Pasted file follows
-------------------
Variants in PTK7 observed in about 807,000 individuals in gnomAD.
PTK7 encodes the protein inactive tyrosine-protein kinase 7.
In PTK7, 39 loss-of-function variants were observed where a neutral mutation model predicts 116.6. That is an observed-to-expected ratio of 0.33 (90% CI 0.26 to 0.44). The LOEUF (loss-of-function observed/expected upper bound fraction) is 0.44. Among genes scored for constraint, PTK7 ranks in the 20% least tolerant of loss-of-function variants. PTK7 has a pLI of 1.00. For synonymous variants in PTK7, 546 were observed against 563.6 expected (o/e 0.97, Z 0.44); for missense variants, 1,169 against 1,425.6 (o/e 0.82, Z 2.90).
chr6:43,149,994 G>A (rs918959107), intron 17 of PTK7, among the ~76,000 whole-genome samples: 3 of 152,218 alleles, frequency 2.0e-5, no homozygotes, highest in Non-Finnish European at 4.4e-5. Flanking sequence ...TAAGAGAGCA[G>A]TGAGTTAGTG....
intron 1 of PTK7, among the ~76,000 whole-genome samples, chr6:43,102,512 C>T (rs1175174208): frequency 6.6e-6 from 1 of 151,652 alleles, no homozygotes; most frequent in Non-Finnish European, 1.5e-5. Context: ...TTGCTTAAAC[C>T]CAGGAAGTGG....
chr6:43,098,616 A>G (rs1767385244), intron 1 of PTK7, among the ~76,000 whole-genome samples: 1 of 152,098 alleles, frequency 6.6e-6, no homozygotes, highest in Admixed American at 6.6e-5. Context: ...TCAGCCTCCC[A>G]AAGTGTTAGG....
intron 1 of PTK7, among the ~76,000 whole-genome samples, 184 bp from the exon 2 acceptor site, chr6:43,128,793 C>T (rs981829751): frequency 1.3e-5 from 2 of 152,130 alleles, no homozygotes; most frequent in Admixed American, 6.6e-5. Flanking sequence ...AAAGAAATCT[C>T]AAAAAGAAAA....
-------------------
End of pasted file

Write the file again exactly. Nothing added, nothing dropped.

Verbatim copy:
Variants in PTK7 observed in about 807,000 individuals in gnomAD.
PTK7 encodes the protein inactive tyrosine-protein kinase 7.
In PTK7, 39 loss-of-function variants were observed where a neutral mutation model predicts 116.6. That is an observed-to-expected ratio of 0.33 (90% CI 0.26 to 0.44). The LOEUF (loss-of-function observed/expected upper bound fraction) is 0.44. Among genes scored for constraint, PTK7 ranks in the 20% least tolerant of loss-of-function variants. PTK7 has a pLI of 1.00. For synonymous variants in PTK7, 546 were observed against 563.6 expected (o/e 0.97, Z 0.44); for missense variants, 1,169 against 1,425.6 (o/e 0.82, Z 2.90).
chr6:43,149,994 G>A (rs918959107), intron 17 of PTK7, among the ~76,000 whole-genome samples: 3 of 152,218 alleles, frequency 2.0e-5, no homozygotes, highest in Non-Finnish European at 4.4e-5. Flanking sequence ...TAAGAGAGCA[G>A]TGAGTTAGTG....
intron 1 of PTK7, among the ~76,000 whole-genome samples, chr6:43,102,512 C>T (rs1175174208): frequency 6.6e-6 from 1 of 151,652 alleles, no homozygotes; most frequent in Non-Finnish European, 1.5e-5. Context: ...TTGCTTAAAC[C>T]CAGGAAGTGG....
chr6:43,098,616 A>G (rs1767385244), intron 1 of PTK7, among the ~76,000 whole-genome samples: 1 of 152,098 alleles, frequency 6.6e-6, no homozygotes, highest in Admixed American at 6.6e-5. Context: ...TCAGCCTCCC[A>G]AAGTGTTAGG....
intron 1 of PTK7, among the ~76,000 whole-genome samples, 184 bp from the exon 2 acceptor site, chr6:43,128,793 C>T (rs981829751): frequency 1.3e-5 from 2 of 152,130 alleles, no homozygotes; most frequent in Admixed American, 6.6e-5. Flanking sequence ...AAAGAAATCT[C>T]AAAAAGAAAA....